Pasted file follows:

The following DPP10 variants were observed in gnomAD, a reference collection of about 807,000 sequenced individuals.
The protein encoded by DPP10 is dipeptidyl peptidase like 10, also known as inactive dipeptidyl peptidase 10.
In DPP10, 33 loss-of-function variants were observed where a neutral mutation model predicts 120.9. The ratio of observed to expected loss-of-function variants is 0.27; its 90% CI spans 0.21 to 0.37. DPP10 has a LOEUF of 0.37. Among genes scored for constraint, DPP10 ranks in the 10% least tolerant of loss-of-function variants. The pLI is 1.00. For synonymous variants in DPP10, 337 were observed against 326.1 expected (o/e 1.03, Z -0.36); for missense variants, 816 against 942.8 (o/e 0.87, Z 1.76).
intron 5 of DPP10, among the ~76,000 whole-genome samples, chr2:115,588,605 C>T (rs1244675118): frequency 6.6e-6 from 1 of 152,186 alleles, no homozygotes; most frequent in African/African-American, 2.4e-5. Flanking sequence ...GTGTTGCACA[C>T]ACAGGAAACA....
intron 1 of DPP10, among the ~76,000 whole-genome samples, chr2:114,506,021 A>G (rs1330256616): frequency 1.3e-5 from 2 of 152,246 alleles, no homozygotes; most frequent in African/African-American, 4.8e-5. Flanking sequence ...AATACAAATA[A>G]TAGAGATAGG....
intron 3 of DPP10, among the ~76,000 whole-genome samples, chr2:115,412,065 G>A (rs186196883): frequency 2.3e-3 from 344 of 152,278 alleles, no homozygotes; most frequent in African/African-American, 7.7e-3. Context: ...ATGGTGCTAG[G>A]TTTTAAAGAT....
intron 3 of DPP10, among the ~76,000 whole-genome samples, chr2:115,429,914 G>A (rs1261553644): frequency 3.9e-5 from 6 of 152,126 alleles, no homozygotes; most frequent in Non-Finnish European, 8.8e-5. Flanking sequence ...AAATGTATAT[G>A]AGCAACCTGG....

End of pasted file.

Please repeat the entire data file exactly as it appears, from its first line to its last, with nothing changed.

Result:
The following DPP10 variants were observed in gnomAD, a reference collection of about 807,000 sequenced individuals.
The protein encoded by DPP10 is dipeptidyl peptidase like 10, also known as inactive dipeptidyl peptidase 10.
In DPP10, 33 loss-of-function variants were observed where a neutral mutation model predicts 120.9. The ratio of observed to expected loss-of-function variants is 0.27; its 90% CI spans 0.21 to 0.37. DPP10 has a LOEUF of 0.37. Among genes scored for constraint, DPP10 ranks in the 10% least tolerant of loss-of-function variants. The pLI is 1.00. For synonymous variants in DPP10, 337 were observed against 326.1 expected (o/e 1.03, Z -0.36); for missense variants, 816 against 942.8 (o/e 0.87, Z 1.76).
intron 5 of DPP10, among the ~76,000 whole-genome samples, chr2:115,588,605 C>T (rs1244675118): frequency 6.6e-6 from 1 of 152,186 alleles, no homozygotes; most frequent in African/African-American, 2.4e-5. Flanking sequence ...GTGTTGCACA[C>T]ACAGGAAACA....
intron 1 of DPP10, among the ~76,000 whole-genome samples, chr2:114,506,021 A>G (rs1330256616): frequency 1.3e-5 from 2 of 152,246 alleles, no homozygotes; most frequent in African/African-American, 4.8e-5. Flanking sequence ...AATACAAATA[A>G]TAGAGATAGG....
intron 3 of DPP10, among the ~76,000 whole-genome samples, chr2:115,412,065 G>A (rs186196883): frequency 2.3e-3 from 344 of 152,278 alleles, no homozygotes; most frequent in African/African-American, 7.7e-3. Context: ...ATGGTGCTAG[G>A]TTTTAAAGAT....
intron 3 of DPP10, among the ~76,000 whole-genome samples, chr2:115,429,914 G>A (rs1261553644): frequency 3.9e-5 from 6 of 152,126 alleles, no homozygotes; most frequent in Non-Finnish European, 8.8e-5. Flanking sequence ...AAATGTATAT[G>A]AGCAACCTGG....